“American women are wealthier, healthier, and better educated than they were 30 years ago,” said Ross Douthat in The New York Times, but they’re also more unhappy. "Feminists and traditionalists" can disagree on the reasons for what economists Betsey Stevenson and Justin Wolfers, in a new study, call "The Paradox of Declining Female Happiness." But surely conservatives and liberals alike ought to see that making it easier for mothers to balance work and child-rearing will help.
Happiness surveys don't exactly find that women are "descending into the black pits of despair," said Sady Doyle in Britain's The Guardian. The Stevenson and Wolfers study shows that men and women now report "similar levels of happiness," which just means "we're not done yet." When we are, we won't measure happiness by gender—"we'll all just be people."
It's silly not to acknowledge that the rise of single motherhood has created challenges that must be addressed, said Cathy Young in The Boston Globe. "No one wants to go back to the day when unwed mothers and their children were outcasts." But married two-parent families work best for kids, women, and men, so "restoring a cultural commitment to married parenting" should be a goal that unites everybody, from "sensible conservatives" to "reasonable feminists."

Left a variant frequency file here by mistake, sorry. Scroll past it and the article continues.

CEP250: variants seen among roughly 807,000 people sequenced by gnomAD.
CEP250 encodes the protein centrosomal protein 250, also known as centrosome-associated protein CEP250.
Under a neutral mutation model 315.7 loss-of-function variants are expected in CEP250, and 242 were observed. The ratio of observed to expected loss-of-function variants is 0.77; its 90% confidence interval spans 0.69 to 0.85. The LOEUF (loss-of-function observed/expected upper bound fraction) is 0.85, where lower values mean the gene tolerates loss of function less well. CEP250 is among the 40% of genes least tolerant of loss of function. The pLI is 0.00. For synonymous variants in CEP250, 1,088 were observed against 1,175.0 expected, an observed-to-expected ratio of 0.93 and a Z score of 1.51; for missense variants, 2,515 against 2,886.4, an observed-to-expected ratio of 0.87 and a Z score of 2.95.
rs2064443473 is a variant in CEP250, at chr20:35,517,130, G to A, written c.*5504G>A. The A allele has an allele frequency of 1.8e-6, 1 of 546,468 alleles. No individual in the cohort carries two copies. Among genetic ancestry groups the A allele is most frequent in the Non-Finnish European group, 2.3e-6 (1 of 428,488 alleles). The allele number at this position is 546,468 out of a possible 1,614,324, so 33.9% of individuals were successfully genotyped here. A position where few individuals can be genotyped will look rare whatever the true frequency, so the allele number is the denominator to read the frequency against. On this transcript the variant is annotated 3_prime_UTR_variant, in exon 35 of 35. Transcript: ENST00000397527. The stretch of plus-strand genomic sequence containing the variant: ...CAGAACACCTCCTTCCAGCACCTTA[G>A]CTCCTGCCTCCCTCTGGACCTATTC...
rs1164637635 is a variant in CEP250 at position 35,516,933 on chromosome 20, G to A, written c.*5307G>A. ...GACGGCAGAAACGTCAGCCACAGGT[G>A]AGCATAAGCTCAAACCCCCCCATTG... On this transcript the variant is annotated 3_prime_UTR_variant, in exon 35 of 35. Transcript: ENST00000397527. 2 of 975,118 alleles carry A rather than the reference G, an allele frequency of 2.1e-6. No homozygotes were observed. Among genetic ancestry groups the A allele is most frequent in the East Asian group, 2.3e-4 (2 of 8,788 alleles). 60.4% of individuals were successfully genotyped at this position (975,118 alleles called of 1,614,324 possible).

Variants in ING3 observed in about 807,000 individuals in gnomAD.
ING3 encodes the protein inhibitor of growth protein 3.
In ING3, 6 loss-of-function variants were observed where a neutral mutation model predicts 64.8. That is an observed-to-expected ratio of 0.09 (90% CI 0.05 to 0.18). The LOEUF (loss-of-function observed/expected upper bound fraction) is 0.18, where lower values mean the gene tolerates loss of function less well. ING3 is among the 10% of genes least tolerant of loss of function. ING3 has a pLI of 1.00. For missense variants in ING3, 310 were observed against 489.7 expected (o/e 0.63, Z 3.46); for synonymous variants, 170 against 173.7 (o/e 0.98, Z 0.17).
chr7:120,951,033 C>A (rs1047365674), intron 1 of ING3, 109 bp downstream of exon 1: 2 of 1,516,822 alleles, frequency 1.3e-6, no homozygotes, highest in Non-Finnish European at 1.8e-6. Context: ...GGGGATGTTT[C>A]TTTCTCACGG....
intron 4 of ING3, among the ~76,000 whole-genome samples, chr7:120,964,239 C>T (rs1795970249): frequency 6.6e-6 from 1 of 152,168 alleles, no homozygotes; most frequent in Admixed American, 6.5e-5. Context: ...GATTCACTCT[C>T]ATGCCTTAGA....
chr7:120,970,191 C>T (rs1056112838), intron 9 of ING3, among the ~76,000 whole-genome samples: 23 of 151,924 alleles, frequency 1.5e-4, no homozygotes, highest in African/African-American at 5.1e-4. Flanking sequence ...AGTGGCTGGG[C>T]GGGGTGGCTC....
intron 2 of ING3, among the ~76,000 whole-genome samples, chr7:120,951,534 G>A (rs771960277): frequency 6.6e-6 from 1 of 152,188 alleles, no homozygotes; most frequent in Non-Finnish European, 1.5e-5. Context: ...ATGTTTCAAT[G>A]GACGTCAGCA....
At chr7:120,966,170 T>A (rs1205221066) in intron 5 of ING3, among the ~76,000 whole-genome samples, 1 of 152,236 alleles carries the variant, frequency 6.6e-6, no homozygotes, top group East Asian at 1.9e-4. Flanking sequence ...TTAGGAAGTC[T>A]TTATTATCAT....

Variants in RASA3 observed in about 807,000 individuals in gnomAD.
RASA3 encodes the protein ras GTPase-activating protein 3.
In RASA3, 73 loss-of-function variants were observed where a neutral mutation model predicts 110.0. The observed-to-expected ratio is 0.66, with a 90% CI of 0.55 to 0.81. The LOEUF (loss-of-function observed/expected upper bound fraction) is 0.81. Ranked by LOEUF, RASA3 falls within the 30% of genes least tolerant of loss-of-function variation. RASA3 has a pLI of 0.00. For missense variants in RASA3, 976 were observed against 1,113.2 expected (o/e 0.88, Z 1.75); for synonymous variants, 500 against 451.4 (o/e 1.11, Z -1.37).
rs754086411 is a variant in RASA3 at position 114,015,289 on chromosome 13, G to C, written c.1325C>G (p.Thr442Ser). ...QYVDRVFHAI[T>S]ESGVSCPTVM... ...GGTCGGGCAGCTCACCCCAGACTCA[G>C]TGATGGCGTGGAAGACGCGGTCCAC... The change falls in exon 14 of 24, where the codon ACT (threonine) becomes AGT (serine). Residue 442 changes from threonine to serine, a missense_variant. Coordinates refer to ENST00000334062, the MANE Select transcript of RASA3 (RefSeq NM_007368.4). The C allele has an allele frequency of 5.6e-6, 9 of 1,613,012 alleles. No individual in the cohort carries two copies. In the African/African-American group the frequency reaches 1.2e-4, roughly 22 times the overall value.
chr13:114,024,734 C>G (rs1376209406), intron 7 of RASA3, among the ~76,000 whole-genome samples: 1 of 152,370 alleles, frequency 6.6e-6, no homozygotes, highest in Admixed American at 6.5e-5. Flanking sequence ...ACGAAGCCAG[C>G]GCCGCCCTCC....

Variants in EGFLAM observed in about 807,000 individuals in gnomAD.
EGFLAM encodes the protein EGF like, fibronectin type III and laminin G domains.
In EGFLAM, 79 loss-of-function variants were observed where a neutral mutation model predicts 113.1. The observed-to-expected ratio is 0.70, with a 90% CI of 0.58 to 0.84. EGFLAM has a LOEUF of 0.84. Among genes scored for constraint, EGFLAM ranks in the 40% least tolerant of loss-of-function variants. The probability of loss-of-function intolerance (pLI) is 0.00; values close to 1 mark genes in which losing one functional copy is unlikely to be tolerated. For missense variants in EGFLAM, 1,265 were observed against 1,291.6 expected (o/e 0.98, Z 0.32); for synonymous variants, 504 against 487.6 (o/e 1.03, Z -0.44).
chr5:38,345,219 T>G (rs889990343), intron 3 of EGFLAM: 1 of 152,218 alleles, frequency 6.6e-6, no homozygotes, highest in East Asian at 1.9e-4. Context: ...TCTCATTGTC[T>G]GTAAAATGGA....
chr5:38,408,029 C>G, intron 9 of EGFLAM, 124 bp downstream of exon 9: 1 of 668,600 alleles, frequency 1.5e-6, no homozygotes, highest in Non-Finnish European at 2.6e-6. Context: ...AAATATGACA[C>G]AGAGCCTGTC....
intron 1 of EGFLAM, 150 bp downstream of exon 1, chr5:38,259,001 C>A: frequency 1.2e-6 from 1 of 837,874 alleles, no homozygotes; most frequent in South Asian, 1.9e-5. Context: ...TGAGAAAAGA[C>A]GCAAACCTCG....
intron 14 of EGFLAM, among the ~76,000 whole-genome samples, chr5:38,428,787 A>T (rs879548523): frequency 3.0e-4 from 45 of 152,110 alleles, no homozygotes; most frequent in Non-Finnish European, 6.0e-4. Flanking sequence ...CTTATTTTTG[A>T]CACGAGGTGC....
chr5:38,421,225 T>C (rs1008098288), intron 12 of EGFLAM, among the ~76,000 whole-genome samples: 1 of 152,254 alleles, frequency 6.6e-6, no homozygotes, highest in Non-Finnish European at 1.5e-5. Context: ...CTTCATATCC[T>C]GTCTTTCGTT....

THE WEEK'S AUDIOPHILE PODCASTS: LISTEN SMARTER
- If a nuclear bomb exploded in downtown Washington, what should you do?
- 31 TV shows to watch in 2014
- There's a number of reasons the grammar of this headline could infuriate you
- What would a U.S.-Russia war look like?
- How to be more satisfied with your life, according to science
- He said he was leaving. She ignored him.
- The contentious policy at the heart of Cliven Bundy's armed standoff with the government
- The Warren Buffett formula: How you can get smarter
- 7 ways to quickly become a master at anything
- Today in history: The birth of the federal income tax
Subscribe to the Week